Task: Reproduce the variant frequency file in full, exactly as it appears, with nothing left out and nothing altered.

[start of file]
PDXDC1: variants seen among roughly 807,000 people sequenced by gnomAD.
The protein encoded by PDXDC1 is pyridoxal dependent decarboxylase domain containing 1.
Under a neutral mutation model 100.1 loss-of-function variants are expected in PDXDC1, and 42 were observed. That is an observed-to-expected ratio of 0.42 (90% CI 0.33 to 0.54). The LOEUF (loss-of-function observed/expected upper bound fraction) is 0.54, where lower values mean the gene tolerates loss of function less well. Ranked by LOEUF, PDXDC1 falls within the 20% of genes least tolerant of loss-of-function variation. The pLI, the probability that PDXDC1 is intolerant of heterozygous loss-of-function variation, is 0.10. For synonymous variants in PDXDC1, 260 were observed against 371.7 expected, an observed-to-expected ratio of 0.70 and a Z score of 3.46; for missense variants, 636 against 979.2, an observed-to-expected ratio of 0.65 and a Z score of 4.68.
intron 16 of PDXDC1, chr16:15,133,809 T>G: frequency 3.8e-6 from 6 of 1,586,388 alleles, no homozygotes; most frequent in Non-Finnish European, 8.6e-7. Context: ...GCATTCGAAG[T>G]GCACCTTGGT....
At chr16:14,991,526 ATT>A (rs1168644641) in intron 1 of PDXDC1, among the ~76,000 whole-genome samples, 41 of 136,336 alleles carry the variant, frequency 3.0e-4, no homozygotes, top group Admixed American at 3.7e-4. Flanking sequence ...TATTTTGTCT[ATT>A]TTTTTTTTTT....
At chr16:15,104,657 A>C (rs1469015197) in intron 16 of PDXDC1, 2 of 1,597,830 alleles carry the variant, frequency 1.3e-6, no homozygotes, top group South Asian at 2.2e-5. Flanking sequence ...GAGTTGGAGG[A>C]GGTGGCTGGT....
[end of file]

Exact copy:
PDXDC1: variants seen among roughly 807,000 people sequenced by gnomAD.
The protein encoded by PDXDC1 is pyridoxal dependent decarboxylase domain containing 1.
Under a neutral mutation model 100.1 loss-of-function variants are expected in PDXDC1, and 42 were observed. That is an observed-to-expected ratio of 0.42 (90% CI 0.33 to 0.54). The LOEUF (loss-of-function observed/expected upper bound fraction) is 0.54, where lower values mean the gene tolerates loss of function less well. Ranked by LOEUF, PDXDC1 falls within the 20% of genes least tolerant of loss-of-function variation. The pLI, the probability that PDXDC1 is intolerant of heterozygous loss-of-function variation, is 0.10. For synonymous variants in PDXDC1, 260 were observed against 371.7 expected, an observed-to-expected ratio of 0.70 and a Z score of 3.46; for missense variants, 636 against 979.2, an observed-to-expected ratio of 0.65 and a Z score of 4.68.
intron 16 of PDXDC1, chr16:15,133,809 T>G: frequency 3.8e-6 from 6 of 1,586,388 alleles, no homozygotes; most frequent in Non-Finnish European, 8.6e-7. Context: ...GCATTCGAAG[T>G]GCACCTTGGT....
At chr16:14,991,526 ATT>A (rs1168644641) in intron 1 of PDXDC1, among the ~76,000 whole-genome samples, 41 of 136,336 alleles carry the variant, frequency 3.0e-4, no homozygotes, top group Admixed American at 3.7e-4. Flanking sequence ...TATTTTGTCT[ATT>A]TTTTTTTTTT....
At chr16:15,104,657 A>C (rs1469015197) in intron 16 of PDXDC1, 2 of 1,597,830 alleles carry the variant, frequency 1.3e-6, no homozygotes, top group South Asian at 2.2e-5. Flanking sequence ...GAGTTGGAGG[A>C]GGTGGCTGGT....